On August 5th in AD 352, on the Esquiline Hill in Rome, snow covered a large patch of ground, in spite of the summer heat.
The snow marked the spot where the Pope was to build a basilica in honor of the Mother of God, St. Mary Major.
Now, is Mary a major? An English major? Drum major? The very model of a modern major general?
No. Mary is Mary, the Blessed Mother. St. Mary Major is the church, one of the four major basilicas of Rome.
Anybody know what the other major basilicas of Rome are?
…One each for the two Apostles who were martyred in Rome…St. Peter and St. Paul. And one for the beloved disciple…St. John.
So, in the city of Rome, the buildings are arranged like the band of the most loving disciples, gathered around Christ. St. Peter here, St. Paul there, St. John here, and the Blessed Mother over here.
And St. Joseph is all the way over here in Martinsville, Virginia?
No. All the saints who love Christ are close together in heaven. We can be here, on the other side of the world from the church of St. Mary Major, and still our Lady and the saints kneel right alongside us as we worship the triune God.
After a week of pressing hard towards the goal, many of us were the worse for wear today. Speaking for myself, the tiredness in my legs made the whole day seem like a climb up the Holy Steps of Jerusalem. (More about this below.)
The Pope has four Major Basilicas in Rome. The pilgrim to Rome visits all four.
The first two are the shrines of the Apostles Peter and Paul. The other two are the cathedral of Rome and the neighborhood church of our hotel, on the top of the Esquiline Hill.
Our Mass this morning was in the Cesi Chapel of St. Mary Major. We couldn’t stay for a proper visit to the Basilica after Mass, because we had an appointment. We had time for a quick visit to the tomb of St. Monica, which is in the Roman church dedicated to her son, St. Augustine. Then we had to press on to our meeting.
As I mentioned in previous installments, Yours Truly went on pilgrimage to the Holy Land earlier this year. I traveled with a group of 25 priests. We were led by Archbishop Raymond Burke. At that time, Archbishop Burke was the Archbishop of St. Louis, Missouri.
Since then, the Pope asked Archbishop Burke to come to Rome to serve as the Prefect of the Apostolic Signatura. This is the rough equivalent in the Church of the Chief Justice of the Supreme Court. Because he occupies this important post, Archbishop Burke will certainly be created a Cardinal at the next Consistory.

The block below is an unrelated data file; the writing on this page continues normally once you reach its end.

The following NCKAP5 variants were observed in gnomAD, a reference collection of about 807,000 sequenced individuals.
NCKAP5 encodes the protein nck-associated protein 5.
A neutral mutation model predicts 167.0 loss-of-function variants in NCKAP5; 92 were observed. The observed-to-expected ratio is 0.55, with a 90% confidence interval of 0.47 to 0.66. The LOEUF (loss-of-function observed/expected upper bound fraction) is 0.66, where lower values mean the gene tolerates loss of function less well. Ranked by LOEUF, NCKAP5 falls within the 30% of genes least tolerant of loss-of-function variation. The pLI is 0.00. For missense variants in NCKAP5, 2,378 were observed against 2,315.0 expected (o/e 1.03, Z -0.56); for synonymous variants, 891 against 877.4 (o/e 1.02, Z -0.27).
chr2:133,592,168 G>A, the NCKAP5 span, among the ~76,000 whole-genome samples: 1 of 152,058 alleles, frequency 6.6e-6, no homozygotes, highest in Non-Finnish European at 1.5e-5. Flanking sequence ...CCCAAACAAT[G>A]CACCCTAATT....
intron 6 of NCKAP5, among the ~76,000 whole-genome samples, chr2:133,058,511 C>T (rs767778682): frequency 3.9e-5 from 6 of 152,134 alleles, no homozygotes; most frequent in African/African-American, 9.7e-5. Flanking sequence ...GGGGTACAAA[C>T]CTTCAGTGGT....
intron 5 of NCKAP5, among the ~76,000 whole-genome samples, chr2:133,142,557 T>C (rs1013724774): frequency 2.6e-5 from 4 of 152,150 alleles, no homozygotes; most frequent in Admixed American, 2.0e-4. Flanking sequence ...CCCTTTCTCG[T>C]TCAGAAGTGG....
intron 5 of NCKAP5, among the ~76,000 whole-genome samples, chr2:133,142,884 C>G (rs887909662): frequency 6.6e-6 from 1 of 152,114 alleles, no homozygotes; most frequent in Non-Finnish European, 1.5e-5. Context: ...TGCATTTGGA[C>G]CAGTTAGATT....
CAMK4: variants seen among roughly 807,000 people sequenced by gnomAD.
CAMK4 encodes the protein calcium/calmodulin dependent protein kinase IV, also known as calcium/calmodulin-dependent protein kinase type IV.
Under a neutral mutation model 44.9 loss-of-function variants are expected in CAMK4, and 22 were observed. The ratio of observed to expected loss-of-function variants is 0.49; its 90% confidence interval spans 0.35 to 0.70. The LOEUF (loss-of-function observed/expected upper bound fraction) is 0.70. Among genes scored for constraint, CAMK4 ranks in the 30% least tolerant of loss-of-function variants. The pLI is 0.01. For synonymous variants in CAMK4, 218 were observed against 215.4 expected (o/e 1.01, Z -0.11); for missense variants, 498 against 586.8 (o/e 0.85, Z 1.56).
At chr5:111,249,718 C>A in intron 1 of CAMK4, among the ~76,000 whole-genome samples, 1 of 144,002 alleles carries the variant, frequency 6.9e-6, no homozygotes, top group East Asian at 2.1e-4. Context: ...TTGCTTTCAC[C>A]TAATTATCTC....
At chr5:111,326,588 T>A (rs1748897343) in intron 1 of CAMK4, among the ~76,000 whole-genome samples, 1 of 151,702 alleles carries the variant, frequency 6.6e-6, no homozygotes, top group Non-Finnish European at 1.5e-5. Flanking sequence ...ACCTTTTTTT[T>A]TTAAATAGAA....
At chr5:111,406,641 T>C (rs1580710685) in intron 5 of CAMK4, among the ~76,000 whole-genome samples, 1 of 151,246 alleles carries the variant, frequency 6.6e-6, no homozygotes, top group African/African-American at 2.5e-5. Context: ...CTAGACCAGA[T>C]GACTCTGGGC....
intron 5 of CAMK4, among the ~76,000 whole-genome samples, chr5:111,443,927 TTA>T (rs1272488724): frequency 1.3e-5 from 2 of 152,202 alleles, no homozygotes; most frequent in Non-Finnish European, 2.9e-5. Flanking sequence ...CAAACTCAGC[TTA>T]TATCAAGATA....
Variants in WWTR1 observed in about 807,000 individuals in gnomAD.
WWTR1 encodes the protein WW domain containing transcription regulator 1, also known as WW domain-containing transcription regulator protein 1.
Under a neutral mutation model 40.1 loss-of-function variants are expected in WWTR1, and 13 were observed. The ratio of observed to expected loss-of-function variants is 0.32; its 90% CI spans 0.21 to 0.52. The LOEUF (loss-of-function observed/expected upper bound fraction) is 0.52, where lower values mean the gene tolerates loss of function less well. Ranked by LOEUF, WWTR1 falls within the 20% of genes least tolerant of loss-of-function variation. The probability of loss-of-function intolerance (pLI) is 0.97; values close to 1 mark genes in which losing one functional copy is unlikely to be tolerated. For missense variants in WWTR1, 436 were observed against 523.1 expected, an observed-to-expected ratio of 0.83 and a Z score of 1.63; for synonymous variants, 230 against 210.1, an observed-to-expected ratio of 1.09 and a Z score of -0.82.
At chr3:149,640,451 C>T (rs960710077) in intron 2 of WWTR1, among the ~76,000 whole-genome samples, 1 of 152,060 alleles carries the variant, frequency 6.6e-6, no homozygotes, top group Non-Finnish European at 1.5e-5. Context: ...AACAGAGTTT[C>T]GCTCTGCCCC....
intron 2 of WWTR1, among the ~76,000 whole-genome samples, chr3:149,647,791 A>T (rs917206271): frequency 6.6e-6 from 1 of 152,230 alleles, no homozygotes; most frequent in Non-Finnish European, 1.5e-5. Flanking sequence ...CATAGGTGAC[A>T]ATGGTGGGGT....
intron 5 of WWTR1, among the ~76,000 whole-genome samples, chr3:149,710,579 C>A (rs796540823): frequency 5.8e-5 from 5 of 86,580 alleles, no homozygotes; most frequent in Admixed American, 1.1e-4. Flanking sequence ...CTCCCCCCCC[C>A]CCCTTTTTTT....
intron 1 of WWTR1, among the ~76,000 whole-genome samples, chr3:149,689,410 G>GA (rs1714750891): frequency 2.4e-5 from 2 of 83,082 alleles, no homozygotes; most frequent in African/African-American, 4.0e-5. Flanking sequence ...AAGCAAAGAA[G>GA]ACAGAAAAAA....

This morning, Archbishop Burke received us in the Palazzo Cancelleria, a Renaissance palace in downtowm Rome where his office is located. He explained the work of his office, encouraged us in the faith, and gave us his blessing.
Then we lunched in the nearby Piazza Navona, the center of Rome’s social life. From there we took a quick busride to the home of the Popes for the millenia from fourth to the fourteenth centuries–the Lateran.
As we recall from celebrating the Feast of the Dedication of the Laterna Basilica twelve days ago, this church is the Mother and Head of all the churches, the cathedral of Peter.
Inside, there are Baroque statues of the Twelve Apostles lining the nave, which was designed by Bernini. In the baldacino over the high altar are reliquaries containing the heads of Sts. Peter and Paul. Pope Martin V, who brought the Papacy back to Rome after it had been moved to France for a few tumultuous decades, is bured in the confessio (under the high altar). The table our Lord used at the Last Supper is in a reliquary over the tabernacle. The great Pope Leo XIII is entombed here.
Across the road from the Basilica are the ruins of the original Apostolic Palace, the home of the Popes for a thousand years. The only remnant of this once-grand edifice is a chapel called the “Holy of Holies.” The pilgrim reaches this chapel by ascending steps used by our Lord Himself.
St. Helena (the Emporer Constantine’s mother) went to Jerusalem to bring back to Rome as many relics of our Lord’s life as she could find. The most massive relic she recovered was the set of steps leading up to the entrance of Pilate’s praetorium. Christ would have walked up these steps to be judged by Pilate, and He would have walked down them after He had been condemned to death. The original stone steps are encased in wood. We ascended these steps on our knees.
After this, we returned to Santa Maria Maggiore to visit and complete our Roman pilgrimage. We stopped in front of the confessio (in which the reliquary of the Manger is kept) to recite the Creed, Our Father, and Hail Mary.
I will have more to say about our pilgrimage. Now, however, we will dine together to say farewell to the Eternal City over a glass or two of montepulciano. Arrivaderci for the moment.